The “person-in-the-world” approach

The “person-in-the-world” approach
Drawing by Adrian Serghie

   The whole point of psychology is to understand the human being, but sometimes it drifts away from this and it tends to see a person as a bunch of projected theories. Some years ago, a dude called Rollo May said something like “F*ck this sh*t! I’m going to make psychology about humans again!” and he developed the existential therapy, which is:

“[..] a form of psychotherapy based on the model of human nature and experience developed by the existential tradition of European philosophy. It focuses on concepts that are universally applicable to human existence including death, freedom, responsibility, and the meaning of life. Instead of regarding human experiences such as anxiety, alienation and depression as implying the presence of mental illness, existential psychotherapy sees these experiences as natural stages in a normal process of human development and maturation. In facilitating this process of development and maturation existential psychotherapy involves a philosophical exploration of an individual’s experiences while stressing the individual’s freedom and responsibility to facilitate a higher degree of meaning and well-being in his or her life.” – Wikipedia

  Basically, this “thing” approaches someone as being an individual, a human being, not a projection of theories about that individual. It states that a person needs to be considered a process, not an outcome. These therapists insist about the fact that an individual has an influence over his relationship with the destiny, which is why their studies are oriented towards will (seen as a power to take a stand against conformism and collectivism), anguish (seen as a living feeling of being thrown away in the world without the ability to choose the course of own destiny) and death (seen as the only absolute concept in life that cannot be changed, Rollo May saying that “no one can die in your place. It’s the only thing we need to do on our own”).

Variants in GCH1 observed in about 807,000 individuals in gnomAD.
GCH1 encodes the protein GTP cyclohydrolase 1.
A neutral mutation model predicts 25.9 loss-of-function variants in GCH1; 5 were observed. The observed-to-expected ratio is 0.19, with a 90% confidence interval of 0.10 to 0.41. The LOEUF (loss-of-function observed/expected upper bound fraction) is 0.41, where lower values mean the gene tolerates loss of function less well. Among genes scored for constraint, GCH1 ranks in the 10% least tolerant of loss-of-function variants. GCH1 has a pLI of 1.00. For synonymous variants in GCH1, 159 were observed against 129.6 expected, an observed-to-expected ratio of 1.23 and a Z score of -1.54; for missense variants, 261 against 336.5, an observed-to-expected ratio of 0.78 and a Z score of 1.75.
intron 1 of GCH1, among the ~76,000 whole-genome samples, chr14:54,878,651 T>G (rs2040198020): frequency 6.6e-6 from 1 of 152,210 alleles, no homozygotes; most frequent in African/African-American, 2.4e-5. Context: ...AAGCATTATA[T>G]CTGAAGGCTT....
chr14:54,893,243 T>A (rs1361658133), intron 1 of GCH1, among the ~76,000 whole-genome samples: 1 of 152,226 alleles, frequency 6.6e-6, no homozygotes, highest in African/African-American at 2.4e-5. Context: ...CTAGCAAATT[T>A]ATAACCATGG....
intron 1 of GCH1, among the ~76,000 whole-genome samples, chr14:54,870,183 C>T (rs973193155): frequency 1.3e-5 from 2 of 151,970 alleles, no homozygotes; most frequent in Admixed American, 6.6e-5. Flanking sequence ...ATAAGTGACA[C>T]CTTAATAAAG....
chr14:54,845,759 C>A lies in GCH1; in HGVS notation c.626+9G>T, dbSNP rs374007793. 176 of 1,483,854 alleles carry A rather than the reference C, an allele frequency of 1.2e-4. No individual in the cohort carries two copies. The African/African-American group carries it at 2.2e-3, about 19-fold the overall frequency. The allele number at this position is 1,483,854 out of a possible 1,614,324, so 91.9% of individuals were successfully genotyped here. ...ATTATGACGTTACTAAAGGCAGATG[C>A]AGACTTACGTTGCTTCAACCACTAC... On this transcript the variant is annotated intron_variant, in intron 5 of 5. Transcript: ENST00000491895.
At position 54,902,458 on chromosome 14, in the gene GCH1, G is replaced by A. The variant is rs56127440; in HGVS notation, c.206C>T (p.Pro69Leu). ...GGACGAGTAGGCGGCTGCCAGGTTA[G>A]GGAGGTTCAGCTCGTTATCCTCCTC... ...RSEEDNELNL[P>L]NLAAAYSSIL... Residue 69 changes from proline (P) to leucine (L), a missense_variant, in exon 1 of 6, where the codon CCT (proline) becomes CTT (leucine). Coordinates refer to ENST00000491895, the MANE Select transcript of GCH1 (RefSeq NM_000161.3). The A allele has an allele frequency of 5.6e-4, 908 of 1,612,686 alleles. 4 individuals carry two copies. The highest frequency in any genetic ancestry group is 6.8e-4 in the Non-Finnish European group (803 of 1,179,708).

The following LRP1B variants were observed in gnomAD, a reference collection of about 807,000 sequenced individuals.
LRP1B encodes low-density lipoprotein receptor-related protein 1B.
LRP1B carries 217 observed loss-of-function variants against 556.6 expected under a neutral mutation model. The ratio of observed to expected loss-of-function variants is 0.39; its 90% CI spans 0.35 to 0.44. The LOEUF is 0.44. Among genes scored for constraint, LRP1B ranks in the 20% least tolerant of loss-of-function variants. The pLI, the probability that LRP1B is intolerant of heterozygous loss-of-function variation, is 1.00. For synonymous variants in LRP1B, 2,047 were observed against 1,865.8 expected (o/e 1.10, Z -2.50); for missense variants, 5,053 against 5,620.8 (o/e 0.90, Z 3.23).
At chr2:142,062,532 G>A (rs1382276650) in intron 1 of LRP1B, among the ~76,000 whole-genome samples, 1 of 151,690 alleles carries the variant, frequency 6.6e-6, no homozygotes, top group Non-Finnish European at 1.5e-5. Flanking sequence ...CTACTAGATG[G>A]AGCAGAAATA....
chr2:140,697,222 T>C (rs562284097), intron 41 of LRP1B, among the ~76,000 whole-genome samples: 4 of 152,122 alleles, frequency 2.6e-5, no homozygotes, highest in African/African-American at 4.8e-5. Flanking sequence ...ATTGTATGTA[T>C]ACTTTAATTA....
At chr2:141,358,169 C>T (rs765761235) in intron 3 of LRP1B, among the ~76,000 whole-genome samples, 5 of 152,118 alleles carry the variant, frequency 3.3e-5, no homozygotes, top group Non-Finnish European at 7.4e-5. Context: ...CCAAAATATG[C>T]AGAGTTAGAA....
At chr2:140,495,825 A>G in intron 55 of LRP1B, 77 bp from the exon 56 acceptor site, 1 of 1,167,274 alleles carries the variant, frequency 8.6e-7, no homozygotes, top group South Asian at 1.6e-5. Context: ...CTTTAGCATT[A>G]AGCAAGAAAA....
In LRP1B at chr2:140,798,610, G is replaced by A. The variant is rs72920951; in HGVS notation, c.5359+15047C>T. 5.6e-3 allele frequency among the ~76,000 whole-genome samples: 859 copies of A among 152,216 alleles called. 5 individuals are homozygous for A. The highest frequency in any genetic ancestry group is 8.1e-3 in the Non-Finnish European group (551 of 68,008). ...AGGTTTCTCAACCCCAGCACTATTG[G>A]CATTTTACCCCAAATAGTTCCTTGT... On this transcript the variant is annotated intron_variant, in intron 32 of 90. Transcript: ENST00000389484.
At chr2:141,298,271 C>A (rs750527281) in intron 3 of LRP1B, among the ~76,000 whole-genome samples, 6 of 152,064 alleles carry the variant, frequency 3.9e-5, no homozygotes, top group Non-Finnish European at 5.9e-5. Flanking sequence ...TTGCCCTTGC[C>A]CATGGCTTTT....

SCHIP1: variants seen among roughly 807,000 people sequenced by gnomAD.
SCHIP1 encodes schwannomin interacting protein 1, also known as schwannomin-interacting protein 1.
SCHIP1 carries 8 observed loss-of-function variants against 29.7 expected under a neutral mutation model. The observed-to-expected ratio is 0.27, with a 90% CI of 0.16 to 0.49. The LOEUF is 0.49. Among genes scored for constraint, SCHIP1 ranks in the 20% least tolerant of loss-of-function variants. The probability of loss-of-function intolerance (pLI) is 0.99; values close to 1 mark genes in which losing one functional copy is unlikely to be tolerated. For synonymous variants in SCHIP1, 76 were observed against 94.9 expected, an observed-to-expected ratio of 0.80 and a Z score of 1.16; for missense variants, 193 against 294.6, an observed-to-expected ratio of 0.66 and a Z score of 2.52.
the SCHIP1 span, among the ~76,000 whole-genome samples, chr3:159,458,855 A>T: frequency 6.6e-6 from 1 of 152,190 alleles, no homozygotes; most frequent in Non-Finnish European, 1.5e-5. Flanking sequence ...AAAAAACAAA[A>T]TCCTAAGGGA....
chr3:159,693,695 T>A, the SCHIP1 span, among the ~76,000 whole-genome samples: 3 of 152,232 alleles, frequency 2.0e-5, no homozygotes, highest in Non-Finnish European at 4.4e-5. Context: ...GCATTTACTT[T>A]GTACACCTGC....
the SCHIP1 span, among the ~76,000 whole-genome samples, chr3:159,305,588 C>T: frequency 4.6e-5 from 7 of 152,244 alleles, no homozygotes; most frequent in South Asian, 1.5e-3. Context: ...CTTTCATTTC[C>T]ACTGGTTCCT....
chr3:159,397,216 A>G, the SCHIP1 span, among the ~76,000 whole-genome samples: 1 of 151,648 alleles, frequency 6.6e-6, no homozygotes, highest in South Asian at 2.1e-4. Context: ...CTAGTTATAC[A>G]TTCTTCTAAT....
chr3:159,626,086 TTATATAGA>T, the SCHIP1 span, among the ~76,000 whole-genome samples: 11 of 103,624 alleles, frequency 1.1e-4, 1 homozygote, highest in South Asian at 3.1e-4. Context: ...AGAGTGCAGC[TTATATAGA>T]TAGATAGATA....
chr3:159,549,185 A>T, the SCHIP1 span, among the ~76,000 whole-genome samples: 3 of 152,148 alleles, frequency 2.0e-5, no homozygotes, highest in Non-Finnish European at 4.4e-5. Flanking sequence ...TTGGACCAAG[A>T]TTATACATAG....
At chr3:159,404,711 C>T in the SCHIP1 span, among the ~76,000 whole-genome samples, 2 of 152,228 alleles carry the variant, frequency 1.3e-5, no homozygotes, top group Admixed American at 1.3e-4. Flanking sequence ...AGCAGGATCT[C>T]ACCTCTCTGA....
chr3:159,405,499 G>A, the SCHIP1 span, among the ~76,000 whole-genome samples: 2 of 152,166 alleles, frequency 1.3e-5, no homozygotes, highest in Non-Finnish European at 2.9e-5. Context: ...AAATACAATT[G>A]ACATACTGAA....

The existentialism brakes the barrier between normal and pathologic and it talks about a psychopathology of masses in which people live isolated. Just because something is done by the majority of people, it doesn’t mean it’s normal nor pathologic. It just is. This shouldn’t force someone to behave in a certain way just because “that’s how it’s done”. This is what triggers the anguish.

   We, as a society, are a bunch of unique individuals which have own paths in this world and this is what the existentialism tries to remind us. The way we develop is unique and it doesn’t need to be the same with the rest of the society. But do we have the will to do it until we die? Are we willing to die on our own terms?

   This type of psychology is based on the existential philosophy so that’s why it has all these abstract concepts. Anyway, what do you think about this? How should therapists treat people in order to help them the best they can?

7 thoughts on “The “person-in-the-world” approach

  1. You asked “How should therapists treat people in order to help them the best they can?”. Listen, challenge gently and even with humor, if possible, and bring back self-control. Renaming self-control to self regulation doesn’t help.
    I think many therapists need to accept that replacing words to fix errors of past therapy philosophies makes a fool of us and them.

    Liked by 2 people

  2. In meditation it arises that the autopilot is always on. You have done, are doing and will do against new input what your singular balance of experience equates. There is no value judgement, this just is.

    What “I” do is a sum of my memories (aka thinking) versus impinging biological imperatives to eat, sleep, socialize, etc. Understanding this, we can guide new behavior.

    Guide me only knowing we are each dreaming behind curtains of a simulation, marvelously mistaking our myriad self-made maps for the territory.

    Thank you for helping people when you can, with honesty, humor and compassion.

    Liked by 1 person

Leave a Reply

Fill in your details below or click an icon to log in:

WordPress.com Logo

You are commenting using your WordPress.com account. Log Out /  Change )

Google+ photo

You are commenting using your Google+ account. Log Out /  Change )

Twitter picture

You are commenting using your Twitter account. Log Out /  Change )

Facebook photo

You are commenting using your Facebook account. Log Out /  Change )

Connecting to %s